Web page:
Chapter 10. Text Processing

This chapter covers some topics in the area of text processing. It covers how to prepare and translate the on-screen texts in your application for international markets and how to validate the input that users enter into a text field, using the class QRegExp for regular expression matching, reading, and writing XML documents. Finally, it covers how to render so-called rich text—text with various attributes (not to be confused with Microsoft’s Rich Text Format RTF).

Internationalization and Localization of On-Screen Text

This section covers one important aspect of preparing your application for international markets, namely the translation of on-screen texts. There has been some confusion on the terms used in relation to this subject, so it is probably best to sort them out first:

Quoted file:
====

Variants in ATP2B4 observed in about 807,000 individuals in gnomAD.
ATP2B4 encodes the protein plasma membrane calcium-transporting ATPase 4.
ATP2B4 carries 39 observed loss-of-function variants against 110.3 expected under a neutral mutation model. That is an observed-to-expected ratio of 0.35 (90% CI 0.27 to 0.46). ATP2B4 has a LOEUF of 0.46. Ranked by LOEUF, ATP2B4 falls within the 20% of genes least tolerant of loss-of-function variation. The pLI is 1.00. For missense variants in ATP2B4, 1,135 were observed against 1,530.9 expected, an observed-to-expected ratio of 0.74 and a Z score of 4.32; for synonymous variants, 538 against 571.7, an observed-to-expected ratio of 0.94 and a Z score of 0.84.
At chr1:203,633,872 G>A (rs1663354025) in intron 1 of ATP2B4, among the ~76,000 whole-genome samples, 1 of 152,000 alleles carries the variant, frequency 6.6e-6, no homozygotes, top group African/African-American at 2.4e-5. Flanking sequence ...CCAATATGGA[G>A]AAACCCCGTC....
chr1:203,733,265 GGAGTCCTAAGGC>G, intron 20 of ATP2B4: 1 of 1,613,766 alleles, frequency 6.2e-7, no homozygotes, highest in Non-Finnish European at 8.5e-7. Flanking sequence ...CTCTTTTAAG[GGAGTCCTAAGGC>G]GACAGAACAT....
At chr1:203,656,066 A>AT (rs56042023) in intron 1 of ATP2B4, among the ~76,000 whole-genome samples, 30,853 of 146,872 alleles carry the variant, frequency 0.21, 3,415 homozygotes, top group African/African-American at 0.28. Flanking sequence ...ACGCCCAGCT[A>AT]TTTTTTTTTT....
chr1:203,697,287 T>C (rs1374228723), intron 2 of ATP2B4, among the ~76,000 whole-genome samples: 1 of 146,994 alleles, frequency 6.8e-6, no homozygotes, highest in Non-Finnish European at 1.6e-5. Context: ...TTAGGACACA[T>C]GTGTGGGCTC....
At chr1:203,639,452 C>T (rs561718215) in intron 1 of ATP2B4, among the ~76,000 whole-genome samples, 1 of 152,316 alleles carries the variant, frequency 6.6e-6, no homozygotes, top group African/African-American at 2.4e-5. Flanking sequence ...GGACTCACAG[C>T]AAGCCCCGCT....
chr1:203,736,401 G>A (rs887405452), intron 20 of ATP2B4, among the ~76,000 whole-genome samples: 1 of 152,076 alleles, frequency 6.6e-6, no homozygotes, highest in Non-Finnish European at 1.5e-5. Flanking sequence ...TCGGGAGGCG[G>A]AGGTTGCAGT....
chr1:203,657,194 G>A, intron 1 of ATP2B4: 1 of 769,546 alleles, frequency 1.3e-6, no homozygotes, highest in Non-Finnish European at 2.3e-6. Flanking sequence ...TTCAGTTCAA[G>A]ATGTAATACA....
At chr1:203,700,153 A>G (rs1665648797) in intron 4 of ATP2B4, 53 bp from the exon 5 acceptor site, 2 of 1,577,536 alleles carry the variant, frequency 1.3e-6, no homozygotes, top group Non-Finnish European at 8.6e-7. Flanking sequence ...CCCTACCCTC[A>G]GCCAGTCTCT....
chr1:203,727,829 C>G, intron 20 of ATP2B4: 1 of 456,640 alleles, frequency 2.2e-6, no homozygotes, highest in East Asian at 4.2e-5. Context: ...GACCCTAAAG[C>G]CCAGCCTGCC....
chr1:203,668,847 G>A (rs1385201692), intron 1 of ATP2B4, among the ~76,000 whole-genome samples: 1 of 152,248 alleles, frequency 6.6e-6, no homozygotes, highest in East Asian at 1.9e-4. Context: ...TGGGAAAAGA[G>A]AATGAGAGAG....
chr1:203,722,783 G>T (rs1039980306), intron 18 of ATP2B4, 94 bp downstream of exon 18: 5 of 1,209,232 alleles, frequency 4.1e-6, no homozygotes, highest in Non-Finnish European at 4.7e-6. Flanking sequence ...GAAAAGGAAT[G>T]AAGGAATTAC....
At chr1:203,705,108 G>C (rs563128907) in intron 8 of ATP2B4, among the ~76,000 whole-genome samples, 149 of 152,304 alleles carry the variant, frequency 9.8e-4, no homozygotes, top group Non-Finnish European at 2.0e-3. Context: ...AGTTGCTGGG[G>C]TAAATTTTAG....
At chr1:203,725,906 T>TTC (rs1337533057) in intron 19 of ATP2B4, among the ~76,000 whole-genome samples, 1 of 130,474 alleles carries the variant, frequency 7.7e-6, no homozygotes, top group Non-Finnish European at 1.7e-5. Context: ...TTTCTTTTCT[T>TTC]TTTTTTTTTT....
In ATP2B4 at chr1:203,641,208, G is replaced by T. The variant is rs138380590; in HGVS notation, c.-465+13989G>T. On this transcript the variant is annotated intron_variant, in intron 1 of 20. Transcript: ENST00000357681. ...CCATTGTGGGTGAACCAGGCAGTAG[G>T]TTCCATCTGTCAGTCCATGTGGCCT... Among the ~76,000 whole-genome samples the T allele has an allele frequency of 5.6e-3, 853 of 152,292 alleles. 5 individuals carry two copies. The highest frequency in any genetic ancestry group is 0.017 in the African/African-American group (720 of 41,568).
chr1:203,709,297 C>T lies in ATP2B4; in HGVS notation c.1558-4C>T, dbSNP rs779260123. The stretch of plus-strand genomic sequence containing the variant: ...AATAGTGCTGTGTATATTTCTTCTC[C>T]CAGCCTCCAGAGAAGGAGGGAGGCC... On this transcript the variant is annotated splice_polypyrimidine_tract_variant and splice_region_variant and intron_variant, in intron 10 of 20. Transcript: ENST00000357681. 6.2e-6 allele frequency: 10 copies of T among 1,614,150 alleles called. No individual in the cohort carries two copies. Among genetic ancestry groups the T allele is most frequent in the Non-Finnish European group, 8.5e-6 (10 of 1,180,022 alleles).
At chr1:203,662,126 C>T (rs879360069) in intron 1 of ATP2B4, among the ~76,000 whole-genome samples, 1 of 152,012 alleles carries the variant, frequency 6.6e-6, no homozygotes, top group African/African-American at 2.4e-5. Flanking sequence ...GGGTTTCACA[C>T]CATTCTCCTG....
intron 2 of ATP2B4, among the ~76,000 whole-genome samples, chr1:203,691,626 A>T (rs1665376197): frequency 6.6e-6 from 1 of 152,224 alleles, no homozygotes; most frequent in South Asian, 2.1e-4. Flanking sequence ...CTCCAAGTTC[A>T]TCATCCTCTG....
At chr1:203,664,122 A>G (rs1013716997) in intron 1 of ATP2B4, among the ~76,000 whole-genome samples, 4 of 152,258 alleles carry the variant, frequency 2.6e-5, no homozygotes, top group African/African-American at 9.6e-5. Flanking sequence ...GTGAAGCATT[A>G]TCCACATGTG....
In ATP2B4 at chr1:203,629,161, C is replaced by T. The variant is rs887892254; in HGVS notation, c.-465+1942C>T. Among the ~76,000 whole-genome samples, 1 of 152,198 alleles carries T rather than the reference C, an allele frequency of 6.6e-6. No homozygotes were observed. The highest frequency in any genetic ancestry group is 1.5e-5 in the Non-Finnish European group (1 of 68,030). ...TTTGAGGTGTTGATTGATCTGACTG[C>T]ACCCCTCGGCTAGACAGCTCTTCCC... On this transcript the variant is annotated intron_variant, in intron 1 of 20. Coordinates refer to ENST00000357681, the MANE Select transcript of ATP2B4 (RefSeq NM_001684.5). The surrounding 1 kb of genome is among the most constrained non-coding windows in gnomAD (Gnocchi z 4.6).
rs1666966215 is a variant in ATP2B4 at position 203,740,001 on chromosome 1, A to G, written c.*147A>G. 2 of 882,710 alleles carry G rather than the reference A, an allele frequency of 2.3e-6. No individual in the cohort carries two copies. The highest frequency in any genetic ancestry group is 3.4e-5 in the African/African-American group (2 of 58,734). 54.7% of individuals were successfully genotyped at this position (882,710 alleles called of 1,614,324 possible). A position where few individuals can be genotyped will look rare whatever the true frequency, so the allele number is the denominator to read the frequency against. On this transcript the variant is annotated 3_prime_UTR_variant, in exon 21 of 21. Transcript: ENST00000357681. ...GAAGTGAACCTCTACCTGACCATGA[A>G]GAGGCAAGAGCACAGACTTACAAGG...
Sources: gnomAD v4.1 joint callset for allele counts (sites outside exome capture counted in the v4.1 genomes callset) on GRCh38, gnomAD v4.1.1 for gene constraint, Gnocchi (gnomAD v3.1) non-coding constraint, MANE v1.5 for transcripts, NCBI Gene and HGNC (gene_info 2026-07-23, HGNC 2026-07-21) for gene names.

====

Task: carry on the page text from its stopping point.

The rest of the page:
A locale describes one particular region of the world that has a common language and culture. Smaller or very homogeneous countries only have one locale, but many have two or more. For example, Canada has at least two—one for the French-speaking part of the country and one for the English-speaking part. A locale is not only about language; it is also about number and date formats, currency symbols, and cultural values that might be reflected in computer software.

Locales are specified with two two-letter codes separated by an underscore. The first two-letter code specifies the language; the second specifies a geographical region, often a country. It is also possible ...

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